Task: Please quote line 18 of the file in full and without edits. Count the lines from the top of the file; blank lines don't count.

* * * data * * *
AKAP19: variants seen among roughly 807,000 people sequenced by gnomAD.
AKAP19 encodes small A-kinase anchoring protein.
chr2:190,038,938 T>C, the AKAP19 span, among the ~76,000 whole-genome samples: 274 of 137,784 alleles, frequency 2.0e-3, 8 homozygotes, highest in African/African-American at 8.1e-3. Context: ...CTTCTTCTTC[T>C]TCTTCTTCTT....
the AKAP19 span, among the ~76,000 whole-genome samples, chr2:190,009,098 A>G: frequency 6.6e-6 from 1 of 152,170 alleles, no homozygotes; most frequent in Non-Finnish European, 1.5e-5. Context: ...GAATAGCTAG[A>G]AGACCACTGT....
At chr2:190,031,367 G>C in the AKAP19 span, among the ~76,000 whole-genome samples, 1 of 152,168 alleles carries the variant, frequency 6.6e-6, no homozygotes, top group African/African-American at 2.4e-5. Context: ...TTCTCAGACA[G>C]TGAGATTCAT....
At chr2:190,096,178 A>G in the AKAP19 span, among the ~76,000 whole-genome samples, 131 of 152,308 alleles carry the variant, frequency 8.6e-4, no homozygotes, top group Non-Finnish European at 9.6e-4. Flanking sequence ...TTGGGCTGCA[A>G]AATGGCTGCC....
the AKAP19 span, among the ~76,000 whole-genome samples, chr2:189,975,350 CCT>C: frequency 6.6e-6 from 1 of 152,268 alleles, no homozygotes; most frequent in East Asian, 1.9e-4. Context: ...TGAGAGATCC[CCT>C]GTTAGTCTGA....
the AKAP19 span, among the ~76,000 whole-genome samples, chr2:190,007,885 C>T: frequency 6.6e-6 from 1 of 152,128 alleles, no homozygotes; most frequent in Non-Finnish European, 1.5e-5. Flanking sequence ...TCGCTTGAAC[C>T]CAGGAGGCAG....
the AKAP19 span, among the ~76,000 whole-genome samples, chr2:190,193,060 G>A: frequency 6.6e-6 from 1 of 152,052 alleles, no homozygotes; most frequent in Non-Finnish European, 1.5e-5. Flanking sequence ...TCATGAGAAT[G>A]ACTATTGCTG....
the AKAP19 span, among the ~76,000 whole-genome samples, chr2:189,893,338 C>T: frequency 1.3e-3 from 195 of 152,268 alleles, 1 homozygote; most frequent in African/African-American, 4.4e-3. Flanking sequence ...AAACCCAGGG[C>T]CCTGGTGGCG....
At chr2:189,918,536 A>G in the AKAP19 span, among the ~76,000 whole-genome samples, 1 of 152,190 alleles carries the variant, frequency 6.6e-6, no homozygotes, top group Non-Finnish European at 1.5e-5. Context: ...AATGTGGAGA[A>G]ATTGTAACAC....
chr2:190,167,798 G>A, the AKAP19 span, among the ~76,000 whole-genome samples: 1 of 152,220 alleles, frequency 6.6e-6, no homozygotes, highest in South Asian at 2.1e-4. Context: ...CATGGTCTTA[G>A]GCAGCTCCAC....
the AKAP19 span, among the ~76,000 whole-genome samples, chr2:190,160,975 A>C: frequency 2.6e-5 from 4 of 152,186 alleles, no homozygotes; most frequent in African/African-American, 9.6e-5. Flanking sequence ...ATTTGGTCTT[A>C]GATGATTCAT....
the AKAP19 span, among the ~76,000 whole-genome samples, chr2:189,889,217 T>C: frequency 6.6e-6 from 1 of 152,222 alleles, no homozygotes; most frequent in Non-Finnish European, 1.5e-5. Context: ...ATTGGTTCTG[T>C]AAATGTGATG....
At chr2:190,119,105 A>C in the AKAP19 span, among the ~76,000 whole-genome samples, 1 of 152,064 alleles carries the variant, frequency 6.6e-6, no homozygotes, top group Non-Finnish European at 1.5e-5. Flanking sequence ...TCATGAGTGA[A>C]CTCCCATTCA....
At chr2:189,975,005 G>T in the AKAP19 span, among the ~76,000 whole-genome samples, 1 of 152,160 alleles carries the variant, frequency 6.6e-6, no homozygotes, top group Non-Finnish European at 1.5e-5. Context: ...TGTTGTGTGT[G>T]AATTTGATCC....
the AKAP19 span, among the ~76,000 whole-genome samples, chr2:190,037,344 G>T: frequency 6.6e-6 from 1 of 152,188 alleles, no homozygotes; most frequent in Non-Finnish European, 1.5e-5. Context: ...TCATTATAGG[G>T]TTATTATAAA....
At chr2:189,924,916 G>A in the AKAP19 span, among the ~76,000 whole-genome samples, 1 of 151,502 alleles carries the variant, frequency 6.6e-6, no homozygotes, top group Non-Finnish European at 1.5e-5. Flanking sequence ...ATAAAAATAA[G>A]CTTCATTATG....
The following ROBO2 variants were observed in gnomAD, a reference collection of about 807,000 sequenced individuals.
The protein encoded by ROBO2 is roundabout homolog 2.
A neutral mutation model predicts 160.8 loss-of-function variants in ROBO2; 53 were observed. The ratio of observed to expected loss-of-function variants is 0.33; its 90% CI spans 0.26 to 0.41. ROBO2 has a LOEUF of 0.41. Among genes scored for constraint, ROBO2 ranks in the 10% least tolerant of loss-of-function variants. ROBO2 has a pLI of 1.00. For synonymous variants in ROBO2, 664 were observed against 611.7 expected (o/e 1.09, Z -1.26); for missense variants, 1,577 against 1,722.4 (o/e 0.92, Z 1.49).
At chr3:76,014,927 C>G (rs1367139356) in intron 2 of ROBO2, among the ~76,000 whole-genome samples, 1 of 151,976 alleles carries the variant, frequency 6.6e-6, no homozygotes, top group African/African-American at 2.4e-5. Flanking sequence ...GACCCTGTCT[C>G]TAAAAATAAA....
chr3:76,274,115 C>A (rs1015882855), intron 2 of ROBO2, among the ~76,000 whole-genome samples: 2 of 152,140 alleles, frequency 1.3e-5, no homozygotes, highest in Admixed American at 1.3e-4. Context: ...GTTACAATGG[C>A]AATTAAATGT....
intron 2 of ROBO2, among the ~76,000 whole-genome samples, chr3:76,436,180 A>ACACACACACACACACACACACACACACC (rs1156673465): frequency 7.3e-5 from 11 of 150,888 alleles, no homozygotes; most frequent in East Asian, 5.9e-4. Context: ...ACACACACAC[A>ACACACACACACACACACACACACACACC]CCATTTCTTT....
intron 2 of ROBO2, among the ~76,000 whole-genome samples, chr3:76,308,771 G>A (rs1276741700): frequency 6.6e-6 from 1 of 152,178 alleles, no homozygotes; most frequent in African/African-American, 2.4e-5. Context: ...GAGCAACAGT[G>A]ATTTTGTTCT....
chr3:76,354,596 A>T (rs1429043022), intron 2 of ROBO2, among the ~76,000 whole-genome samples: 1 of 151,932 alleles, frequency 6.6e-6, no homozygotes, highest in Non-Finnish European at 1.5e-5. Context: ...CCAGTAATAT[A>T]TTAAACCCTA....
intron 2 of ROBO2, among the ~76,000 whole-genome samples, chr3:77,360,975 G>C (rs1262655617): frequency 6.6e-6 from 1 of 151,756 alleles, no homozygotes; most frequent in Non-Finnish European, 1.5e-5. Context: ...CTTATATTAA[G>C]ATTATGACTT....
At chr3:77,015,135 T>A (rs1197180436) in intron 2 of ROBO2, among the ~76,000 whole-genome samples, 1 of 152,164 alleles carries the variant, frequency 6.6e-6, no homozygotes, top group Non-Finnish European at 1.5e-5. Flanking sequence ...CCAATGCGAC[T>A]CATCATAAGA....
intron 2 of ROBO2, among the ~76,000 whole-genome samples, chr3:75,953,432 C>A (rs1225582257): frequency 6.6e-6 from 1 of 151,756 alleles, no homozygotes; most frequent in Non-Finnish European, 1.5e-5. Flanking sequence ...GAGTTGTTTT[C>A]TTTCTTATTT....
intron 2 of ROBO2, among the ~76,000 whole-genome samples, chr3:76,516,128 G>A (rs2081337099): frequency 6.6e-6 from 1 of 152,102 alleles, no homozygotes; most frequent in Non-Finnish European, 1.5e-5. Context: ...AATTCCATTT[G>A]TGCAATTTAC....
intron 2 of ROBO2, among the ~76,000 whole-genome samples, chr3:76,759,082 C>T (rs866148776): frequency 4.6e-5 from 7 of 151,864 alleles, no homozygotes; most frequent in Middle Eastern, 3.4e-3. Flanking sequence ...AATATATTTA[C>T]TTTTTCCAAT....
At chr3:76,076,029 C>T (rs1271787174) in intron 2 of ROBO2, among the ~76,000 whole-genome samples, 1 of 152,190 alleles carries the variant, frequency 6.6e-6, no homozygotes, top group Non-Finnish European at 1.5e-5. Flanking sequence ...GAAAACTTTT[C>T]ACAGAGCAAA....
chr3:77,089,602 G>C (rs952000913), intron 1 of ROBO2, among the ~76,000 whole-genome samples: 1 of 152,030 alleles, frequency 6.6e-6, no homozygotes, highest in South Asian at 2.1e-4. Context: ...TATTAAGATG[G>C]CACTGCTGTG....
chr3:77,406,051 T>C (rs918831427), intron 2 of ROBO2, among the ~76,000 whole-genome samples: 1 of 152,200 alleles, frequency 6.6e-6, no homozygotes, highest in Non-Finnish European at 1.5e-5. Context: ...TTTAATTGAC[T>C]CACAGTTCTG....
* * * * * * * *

At chr2:189,924,916 G>A in the AKAP19 span, among the ~76,000 whole-genome samples, 1 of 151,502 alleles carries the variant, frequency 6.6e-6, no homozygotes, top group Non-Finnish European at 1.5e-5. Flanking sequence ...ATAAAAATAA[G>A]CTTCATTATG....